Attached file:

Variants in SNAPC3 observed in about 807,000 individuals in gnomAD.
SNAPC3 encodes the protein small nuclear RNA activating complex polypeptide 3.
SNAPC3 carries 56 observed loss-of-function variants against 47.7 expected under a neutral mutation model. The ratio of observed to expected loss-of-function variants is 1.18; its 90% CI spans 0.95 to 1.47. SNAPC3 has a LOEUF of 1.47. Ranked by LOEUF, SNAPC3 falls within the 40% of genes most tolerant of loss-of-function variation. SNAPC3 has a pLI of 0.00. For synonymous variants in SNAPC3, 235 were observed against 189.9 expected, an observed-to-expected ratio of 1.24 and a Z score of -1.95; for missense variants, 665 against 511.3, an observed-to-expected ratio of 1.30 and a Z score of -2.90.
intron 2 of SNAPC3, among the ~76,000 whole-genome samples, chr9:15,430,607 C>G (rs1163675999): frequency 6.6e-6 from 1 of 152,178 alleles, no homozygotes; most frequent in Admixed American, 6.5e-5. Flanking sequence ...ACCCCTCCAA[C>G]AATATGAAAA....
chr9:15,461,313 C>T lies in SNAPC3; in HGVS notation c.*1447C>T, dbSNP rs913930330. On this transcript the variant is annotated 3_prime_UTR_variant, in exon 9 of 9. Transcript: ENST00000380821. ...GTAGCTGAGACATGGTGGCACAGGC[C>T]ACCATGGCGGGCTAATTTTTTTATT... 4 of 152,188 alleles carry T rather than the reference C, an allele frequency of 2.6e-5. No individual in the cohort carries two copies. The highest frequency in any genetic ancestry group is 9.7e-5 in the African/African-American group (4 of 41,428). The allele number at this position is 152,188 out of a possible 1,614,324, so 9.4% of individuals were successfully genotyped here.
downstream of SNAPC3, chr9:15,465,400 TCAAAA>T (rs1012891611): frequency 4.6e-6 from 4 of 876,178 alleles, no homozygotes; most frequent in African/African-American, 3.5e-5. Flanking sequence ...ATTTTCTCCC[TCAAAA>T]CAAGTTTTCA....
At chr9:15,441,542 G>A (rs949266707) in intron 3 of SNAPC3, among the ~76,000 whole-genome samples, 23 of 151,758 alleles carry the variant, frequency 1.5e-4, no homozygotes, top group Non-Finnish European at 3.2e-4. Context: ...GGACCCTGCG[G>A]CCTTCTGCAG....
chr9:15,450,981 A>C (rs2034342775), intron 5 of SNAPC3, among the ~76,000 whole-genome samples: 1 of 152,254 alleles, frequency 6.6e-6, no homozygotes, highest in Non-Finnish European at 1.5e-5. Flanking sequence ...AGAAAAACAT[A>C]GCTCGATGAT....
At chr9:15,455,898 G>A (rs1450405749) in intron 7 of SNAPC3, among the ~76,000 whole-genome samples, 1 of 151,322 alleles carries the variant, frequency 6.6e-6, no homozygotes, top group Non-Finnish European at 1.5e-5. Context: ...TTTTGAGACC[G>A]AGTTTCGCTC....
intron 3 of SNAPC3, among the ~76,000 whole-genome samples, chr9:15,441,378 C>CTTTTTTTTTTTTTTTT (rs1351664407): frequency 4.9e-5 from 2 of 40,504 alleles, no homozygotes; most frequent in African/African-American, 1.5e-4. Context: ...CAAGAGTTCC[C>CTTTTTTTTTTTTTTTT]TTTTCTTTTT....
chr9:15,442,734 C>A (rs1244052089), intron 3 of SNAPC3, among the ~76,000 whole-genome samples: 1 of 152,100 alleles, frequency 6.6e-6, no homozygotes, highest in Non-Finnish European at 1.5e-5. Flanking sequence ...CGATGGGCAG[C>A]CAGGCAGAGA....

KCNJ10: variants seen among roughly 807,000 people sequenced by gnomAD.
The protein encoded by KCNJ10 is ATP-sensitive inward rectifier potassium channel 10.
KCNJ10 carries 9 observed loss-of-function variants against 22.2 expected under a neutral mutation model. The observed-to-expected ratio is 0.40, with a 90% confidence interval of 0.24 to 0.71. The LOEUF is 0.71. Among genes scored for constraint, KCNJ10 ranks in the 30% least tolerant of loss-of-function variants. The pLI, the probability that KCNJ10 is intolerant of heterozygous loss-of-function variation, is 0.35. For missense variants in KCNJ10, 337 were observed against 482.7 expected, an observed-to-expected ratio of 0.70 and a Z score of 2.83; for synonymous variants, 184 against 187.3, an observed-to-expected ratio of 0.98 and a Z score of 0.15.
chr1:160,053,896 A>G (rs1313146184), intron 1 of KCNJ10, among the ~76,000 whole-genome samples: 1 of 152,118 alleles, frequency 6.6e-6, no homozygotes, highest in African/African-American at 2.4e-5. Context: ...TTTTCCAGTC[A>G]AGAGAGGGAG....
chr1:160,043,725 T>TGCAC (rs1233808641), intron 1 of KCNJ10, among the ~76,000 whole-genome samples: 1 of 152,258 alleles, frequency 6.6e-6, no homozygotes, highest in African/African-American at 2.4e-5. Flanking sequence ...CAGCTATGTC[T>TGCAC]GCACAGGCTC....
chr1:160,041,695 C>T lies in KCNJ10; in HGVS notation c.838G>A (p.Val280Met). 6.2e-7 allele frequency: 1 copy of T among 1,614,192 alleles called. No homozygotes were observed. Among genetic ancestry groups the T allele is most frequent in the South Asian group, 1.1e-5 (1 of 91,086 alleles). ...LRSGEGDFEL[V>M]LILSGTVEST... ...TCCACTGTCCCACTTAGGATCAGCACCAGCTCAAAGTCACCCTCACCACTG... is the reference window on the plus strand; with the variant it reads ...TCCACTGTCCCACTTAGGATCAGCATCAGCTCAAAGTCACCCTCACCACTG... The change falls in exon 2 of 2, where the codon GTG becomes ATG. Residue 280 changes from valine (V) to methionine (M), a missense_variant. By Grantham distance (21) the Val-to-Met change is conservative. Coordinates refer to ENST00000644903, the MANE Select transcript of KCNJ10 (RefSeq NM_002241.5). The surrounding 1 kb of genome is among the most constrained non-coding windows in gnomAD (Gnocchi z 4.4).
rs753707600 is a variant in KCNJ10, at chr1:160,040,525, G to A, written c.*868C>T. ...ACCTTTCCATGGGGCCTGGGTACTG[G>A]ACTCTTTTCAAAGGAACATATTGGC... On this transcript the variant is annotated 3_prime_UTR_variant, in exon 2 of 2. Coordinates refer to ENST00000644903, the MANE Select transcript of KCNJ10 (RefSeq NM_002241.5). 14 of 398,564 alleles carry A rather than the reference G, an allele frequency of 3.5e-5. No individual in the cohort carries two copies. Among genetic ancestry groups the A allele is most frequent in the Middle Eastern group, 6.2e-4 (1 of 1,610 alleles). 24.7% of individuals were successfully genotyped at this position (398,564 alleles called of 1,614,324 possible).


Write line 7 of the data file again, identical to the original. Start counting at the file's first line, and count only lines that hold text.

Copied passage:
At chr9:15,441,542 G>A (rs949266707) in intron 3 of SNAPC3, among the ~76,000 whole-genome samples, 23 of 151,758 alleles carry the variant, frequency 1.5e-4, no homozygotes, top group Non-Finnish European at 3.2e-4. Context: ...GGACCCTGCG[G>A]CCTTCTGCAG....